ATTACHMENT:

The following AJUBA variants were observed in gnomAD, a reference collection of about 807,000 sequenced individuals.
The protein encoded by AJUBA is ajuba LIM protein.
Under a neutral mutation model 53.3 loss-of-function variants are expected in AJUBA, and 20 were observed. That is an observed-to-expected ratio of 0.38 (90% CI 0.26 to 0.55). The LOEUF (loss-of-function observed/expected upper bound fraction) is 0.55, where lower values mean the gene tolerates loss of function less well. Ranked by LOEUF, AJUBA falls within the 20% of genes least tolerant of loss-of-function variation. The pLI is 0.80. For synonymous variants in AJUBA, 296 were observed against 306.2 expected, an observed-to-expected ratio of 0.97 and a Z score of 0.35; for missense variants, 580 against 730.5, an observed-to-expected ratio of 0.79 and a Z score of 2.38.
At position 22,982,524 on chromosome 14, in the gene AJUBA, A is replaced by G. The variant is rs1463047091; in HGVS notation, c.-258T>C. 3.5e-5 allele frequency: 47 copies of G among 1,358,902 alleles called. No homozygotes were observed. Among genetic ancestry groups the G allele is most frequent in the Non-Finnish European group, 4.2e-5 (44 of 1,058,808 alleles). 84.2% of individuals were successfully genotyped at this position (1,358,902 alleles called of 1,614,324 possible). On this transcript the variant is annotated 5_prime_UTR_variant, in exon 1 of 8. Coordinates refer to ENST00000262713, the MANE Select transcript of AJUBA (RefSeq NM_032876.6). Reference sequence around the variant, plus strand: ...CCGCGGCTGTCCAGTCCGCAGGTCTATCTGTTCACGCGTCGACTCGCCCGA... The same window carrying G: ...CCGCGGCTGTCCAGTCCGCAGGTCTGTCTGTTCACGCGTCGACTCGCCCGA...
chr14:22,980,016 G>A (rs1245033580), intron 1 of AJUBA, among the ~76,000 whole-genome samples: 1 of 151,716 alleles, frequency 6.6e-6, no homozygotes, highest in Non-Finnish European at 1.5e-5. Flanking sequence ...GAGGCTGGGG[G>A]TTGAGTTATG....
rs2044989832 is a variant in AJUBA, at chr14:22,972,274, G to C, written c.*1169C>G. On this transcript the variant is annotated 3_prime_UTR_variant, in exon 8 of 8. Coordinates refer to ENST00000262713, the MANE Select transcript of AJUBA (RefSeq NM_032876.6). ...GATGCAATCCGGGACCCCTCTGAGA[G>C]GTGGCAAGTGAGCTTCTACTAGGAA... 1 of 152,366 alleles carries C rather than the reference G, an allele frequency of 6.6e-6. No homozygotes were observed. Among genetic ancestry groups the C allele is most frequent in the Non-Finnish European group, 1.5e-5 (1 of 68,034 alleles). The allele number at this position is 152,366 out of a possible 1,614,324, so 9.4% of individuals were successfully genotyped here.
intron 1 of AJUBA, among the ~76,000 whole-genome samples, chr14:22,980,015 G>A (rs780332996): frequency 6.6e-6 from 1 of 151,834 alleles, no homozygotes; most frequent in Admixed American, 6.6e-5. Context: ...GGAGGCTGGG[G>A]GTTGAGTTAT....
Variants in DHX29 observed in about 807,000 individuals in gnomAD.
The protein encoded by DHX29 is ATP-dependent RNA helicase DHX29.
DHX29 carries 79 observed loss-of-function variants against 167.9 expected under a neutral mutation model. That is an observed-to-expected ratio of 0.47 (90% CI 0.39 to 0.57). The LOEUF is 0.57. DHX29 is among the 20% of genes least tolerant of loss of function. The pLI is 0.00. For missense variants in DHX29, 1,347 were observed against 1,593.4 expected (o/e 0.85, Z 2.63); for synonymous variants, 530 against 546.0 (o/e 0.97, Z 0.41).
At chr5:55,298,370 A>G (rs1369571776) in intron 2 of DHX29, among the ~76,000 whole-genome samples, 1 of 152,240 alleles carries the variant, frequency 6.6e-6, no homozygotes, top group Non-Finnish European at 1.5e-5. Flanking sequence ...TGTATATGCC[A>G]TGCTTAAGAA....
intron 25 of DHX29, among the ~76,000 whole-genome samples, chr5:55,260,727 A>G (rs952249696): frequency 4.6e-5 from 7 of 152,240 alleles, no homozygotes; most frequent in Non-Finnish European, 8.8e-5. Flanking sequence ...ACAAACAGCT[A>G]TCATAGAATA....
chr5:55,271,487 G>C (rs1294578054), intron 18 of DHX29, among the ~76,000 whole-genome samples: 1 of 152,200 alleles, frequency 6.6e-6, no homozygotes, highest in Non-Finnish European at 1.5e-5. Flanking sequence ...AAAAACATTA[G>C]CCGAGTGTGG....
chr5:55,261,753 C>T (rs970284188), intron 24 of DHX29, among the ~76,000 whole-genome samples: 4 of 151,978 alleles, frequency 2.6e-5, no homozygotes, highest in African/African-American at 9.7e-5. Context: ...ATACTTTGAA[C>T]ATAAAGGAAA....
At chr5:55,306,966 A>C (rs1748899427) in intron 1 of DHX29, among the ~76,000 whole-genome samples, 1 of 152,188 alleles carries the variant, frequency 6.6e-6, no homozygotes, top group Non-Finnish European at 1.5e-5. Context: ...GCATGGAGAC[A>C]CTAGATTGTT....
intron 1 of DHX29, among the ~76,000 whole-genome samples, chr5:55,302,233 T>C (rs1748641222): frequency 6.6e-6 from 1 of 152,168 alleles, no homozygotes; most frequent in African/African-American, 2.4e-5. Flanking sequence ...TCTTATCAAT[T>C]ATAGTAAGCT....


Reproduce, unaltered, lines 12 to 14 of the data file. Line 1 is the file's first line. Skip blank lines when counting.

intron 25 of DHX29, among the ~76,000 whole-genome samples, chr5:55,260,727 A>G (rs952249696): frequency 4.6e-5 from 7 of 152,240 alleles, no homozygotes; most frequent in Non-Finnish European, 8.8e-5. Flanking sequence ...ACAAACAGCT[A>G]TCATAGAATA....
chr5:55,271,487 G>C (rs1294578054), intron 18 of DHX29, among the ~76,000 whole-genome samples: 1 of 152,200 alleles, frequency 6.6e-6, no homozygotes, highest in Non-Finnish European at 1.5e-5. Flanking sequence ...AAAAACATTA[G>C]CCGAGTGTGG....
chr5:55,261,753 C>T (rs970284188), intron 24 of DHX29, among the ~76,000 whole-genome samples: 4 of 151,978 alleles, frequency 2.6e-5, no homozygotes, highest in African/African-American at 9.7e-5. Context: ...ATACTTTGAA[C>T]ATAAAGGAAA....